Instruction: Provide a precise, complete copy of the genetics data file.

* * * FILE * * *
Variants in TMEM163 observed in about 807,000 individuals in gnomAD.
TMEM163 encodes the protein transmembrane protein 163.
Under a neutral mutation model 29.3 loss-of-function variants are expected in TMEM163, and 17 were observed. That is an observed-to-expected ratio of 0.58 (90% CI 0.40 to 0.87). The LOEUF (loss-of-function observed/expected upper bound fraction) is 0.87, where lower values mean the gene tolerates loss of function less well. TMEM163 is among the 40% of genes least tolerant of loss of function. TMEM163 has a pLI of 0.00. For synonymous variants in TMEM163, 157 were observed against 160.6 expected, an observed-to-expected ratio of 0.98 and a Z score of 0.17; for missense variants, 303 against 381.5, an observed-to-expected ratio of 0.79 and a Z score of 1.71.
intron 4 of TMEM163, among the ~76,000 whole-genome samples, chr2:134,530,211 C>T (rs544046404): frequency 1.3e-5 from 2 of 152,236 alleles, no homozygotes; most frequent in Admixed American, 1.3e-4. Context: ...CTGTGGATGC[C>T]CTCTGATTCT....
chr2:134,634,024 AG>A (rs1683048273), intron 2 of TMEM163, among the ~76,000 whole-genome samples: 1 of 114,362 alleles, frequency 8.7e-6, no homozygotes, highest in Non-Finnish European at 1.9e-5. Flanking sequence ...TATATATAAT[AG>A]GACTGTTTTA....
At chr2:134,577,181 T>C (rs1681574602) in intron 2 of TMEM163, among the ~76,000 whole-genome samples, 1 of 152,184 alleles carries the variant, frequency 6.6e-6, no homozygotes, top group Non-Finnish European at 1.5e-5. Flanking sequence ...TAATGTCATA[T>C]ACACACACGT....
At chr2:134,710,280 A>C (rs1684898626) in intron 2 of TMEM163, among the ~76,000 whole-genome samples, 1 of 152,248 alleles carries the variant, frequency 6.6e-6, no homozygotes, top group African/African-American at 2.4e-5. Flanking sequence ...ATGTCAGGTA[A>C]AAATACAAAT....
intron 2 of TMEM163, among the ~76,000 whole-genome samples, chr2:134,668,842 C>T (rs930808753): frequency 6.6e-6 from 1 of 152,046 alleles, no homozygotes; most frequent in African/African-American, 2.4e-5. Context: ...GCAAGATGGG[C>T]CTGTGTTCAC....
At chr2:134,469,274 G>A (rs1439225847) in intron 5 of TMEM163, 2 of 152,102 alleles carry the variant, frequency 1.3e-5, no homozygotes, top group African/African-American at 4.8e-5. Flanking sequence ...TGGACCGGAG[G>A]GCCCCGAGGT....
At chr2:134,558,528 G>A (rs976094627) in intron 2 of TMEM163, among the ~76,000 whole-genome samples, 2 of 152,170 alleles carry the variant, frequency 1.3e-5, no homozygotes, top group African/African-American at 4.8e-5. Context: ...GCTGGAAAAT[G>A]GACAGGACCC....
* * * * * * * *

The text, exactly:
Variants in TMEM163 observed in about 807,000 individuals in gnomAD.
TMEM163 encodes the protein transmembrane protein 163.
Under a neutral mutation model 29.3 loss-of-function variants are expected in TMEM163, and 17 were observed. That is an observed-to-expected ratio of 0.58 (90% CI 0.40 to 0.87). The LOEUF (loss-of-function observed/expected upper bound fraction) is 0.87, where lower values mean the gene tolerates loss of function less well. TMEM163 is among the 40% of genes least tolerant of loss of function. TMEM163 has a pLI of 0.00. For synonymous variants in TMEM163, 157 were observed against 160.6 expected, an observed-to-expected ratio of 0.98 and a Z score of 0.17; for missense variants, 303 against 381.5, an observed-to-expected ratio of 0.79 and a Z score of 1.71.
intron 4 of TMEM163, among the ~76,000 whole-genome samples, chr2:134,530,211 C>T (rs544046404): frequency 1.3e-5 from 2 of 152,236 alleles, no homozygotes; most frequent in Admixed American, 1.3e-4. Context: ...CTGTGGATGC[C>T]CTCTGATTCT....
chr2:134,634,024 AG>A (rs1683048273), intron 2 of TMEM163, among the ~76,000 whole-genome samples: 1 of 114,362 alleles, frequency 8.7e-6, no homozygotes, highest in Non-Finnish European at 1.9e-5. Flanking sequence ...TATATATAAT[AG>A]GACTGTTTTA....
At chr2:134,577,181 T>C (rs1681574602) in intron 2 of TMEM163, among the ~76,000 whole-genome samples, 1 of 152,184 alleles carries the variant, frequency 6.6e-6, no homozygotes, top group Non-Finnish European at 1.5e-5. Flanking sequence ...TAATGTCATA[T>C]ACACACACGT....
At chr2:134,710,280 A>C (rs1684898626) in intron 2 of TMEM163, among the ~76,000 whole-genome samples, 1 of 152,248 alleles carries the variant, frequency 6.6e-6, no homozygotes, top group African/African-American at 2.4e-5. Flanking sequence ...ATGTCAGGTA[A>C]AAATACAAAT....
intron 2 of TMEM163, among the ~76,000 whole-genome samples, chr2:134,668,842 C>T (rs930808753): frequency 6.6e-6 from 1 of 152,046 alleles, no homozygotes; most frequent in African/African-American, 2.4e-5. Context: ...GCAAGATGGG[C>T]CTGTGTTCAC....
At chr2:134,469,274 G>A (rs1439225847) in intron 5 of TMEM163, 2 of 152,102 alleles carry the variant, frequency 1.3e-5, no homozygotes, top group African/African-American at 4.8e-5. Flanking sequence ...TGGACCGGAG[G>A]GCCCCGAGGT....
At chr2:134,558,528 G>A (rs976094627) in intron 2 of TMEM163, among the ~76,000 whole-genome samples, 2 of 152,170 alleles carry the variant, frequency 1.3e-5, no homozygotes, top group African/African-American at 4.8e-5. Context: ...GCTGGAAAAT[G>A]GACAGGACCC....